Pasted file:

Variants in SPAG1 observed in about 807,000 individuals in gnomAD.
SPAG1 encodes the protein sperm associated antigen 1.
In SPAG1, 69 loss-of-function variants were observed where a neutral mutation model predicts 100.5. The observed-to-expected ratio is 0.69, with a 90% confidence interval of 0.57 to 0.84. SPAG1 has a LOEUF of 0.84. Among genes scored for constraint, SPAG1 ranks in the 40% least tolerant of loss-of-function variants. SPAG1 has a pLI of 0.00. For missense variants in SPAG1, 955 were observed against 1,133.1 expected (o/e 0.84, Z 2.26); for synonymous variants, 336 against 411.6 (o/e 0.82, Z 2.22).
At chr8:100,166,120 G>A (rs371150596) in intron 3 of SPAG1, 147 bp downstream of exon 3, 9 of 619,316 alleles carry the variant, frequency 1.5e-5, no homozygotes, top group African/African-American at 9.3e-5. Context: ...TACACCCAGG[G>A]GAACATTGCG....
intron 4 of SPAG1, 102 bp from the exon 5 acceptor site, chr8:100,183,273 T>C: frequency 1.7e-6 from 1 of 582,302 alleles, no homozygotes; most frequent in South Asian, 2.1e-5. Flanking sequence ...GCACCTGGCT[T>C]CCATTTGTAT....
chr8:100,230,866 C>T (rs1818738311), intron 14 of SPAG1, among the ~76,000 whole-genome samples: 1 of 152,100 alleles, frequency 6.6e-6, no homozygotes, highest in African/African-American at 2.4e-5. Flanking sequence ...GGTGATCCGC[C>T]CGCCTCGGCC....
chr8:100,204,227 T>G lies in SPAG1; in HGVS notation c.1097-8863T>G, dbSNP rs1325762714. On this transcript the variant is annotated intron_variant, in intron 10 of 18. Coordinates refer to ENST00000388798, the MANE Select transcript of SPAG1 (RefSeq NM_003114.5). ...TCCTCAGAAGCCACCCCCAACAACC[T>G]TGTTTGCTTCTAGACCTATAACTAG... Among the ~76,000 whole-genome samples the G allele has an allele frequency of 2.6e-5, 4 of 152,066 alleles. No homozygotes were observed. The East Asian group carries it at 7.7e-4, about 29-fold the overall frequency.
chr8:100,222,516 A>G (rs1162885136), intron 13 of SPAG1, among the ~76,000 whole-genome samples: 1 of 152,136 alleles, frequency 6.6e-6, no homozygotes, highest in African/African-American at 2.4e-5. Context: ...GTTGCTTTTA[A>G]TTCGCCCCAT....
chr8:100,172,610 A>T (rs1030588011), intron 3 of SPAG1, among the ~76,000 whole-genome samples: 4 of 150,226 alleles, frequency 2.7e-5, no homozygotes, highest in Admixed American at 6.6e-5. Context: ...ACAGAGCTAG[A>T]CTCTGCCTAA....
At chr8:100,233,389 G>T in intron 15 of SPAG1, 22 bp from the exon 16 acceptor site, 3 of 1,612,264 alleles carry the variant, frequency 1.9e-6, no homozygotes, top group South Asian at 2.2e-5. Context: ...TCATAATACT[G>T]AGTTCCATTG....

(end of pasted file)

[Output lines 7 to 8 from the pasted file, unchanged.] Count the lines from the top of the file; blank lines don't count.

chr8:100,204,227 T>G lies in SPAG1; in HGVS notation c.1097-8863T>G, dbSNP rs1325762714. On this transcript the variant is annotated intron_variant, in intron 10 of 18. Coordinates refer to ENST00000388798, the MANE Select transcript of SPAG1 (RefSeq NM_003114.5). ...TCCTCAGAAGCCACCCCCAACAACC[T>G]TGTTTGCTTCTAGACCTATAACTAG... Among the ~76,000 whole-genome samples the G allele has an allele frequency of 2.6e-5, 4 of 152,066 alleles. No homozygotes were observed. The East Asian group carries it at 7.7e-4, about 29-fold the overall frequency.
chr8:100,222,516 A>G (rs1162885136), intron 13 of SPAG1, among the ~76,000 whole-genome samples: 1 of 152,136 alleles, frequency 6.6e-6, no homozygotes, highest in African/African-American at 2.4e-5. Context: ...GTTGCTTTTA[A>G]TTCGCCCCAT....